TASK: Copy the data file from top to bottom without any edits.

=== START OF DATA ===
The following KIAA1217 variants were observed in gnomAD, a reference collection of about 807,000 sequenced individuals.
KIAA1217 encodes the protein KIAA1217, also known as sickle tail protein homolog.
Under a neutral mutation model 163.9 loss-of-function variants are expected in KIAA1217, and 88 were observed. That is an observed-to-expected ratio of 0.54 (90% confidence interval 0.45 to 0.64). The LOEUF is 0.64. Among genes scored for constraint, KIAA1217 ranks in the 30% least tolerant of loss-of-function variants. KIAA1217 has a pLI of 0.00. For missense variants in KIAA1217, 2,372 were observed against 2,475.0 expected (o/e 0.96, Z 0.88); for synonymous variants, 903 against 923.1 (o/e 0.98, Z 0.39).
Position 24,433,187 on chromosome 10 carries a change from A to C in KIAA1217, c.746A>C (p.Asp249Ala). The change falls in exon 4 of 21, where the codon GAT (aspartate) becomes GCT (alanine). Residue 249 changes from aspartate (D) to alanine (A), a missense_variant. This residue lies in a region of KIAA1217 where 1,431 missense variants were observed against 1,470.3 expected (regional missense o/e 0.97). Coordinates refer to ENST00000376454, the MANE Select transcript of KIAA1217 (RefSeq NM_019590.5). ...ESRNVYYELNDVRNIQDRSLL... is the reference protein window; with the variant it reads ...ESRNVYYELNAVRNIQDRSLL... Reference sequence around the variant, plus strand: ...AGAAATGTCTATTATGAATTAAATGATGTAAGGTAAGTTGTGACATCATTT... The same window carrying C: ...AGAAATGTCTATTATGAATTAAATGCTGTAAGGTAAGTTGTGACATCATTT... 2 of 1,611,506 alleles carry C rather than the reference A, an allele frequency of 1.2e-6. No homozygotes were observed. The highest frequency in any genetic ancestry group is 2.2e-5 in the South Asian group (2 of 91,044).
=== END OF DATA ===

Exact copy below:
The following KIAA1217 variants were observed in gnomAD, a reference collection of about 807,000 sequenced individuals.
KIAA1217 encodes the protein KIAA1217, also known as sickle tail protein homolog.
Under a neutral mutation model 163.9 loss-of-function variants are expected in KIAA1217, and 88 were observed. That is an observed-to-expected ratio of 0.54 (90% confidence interval 0.45 to 0.64). The LOEUF is 0.64. Among genes scored for constraint, KIAA1217 ranks in the 30% least tolerant of loss-of-function variants. KIAA1217 has a pLI of 0.00. For missense variants in KIAA1217, 2,372 were observed against 2,475.0 expected (o/e 0.96, Z 0.88); for synonymous variants, 903 against 923.1 (o/e 0.98, Z 0.39).
Position 24,433,187 on chromosome 10 carries a change from A to C in KIAA1217, c.746A>C (p.Asp249Ala). The change falls in exon 4 of 21, where the codon GAT (aspartate) becomes GCT (alanine). Residue 249 changes from aspartate (D) to alanine (A), a missense_variant. This residue lies in a region of KIAA1217 where 1,431 missense variants were observed against 1,470.3 expected (regional missense o/e 0.97). Coordinates refer to ENST00000376454, the MANE Select transcript of KIAA1217 (RefSeq NM_019590.5). ...ESRNVYYELNDVRNIQDRSLL... is the reference protein window; with the variant it reads ...ESRNVYYELNAVRNIQDRSLL... Reference sequence around the variant, plus strand: ...AGAAATGTCTATTATGAATTAAATGATGTAAGGTAAGTTGTGACATCATTT... The same window carrying C: ...AGAAATGTCTATTATGAATTAAATGCTGTAAGGTAAGTTGTGACATCATTT... 2 of 1,611,506 alleles carry C rather than the reference A, an allele frequency of 1.2e-6. No homozygotes were observed. The highest frequency in any genetic ancestry group is 2.2e-5 in the South Asian group (2 of 91,044).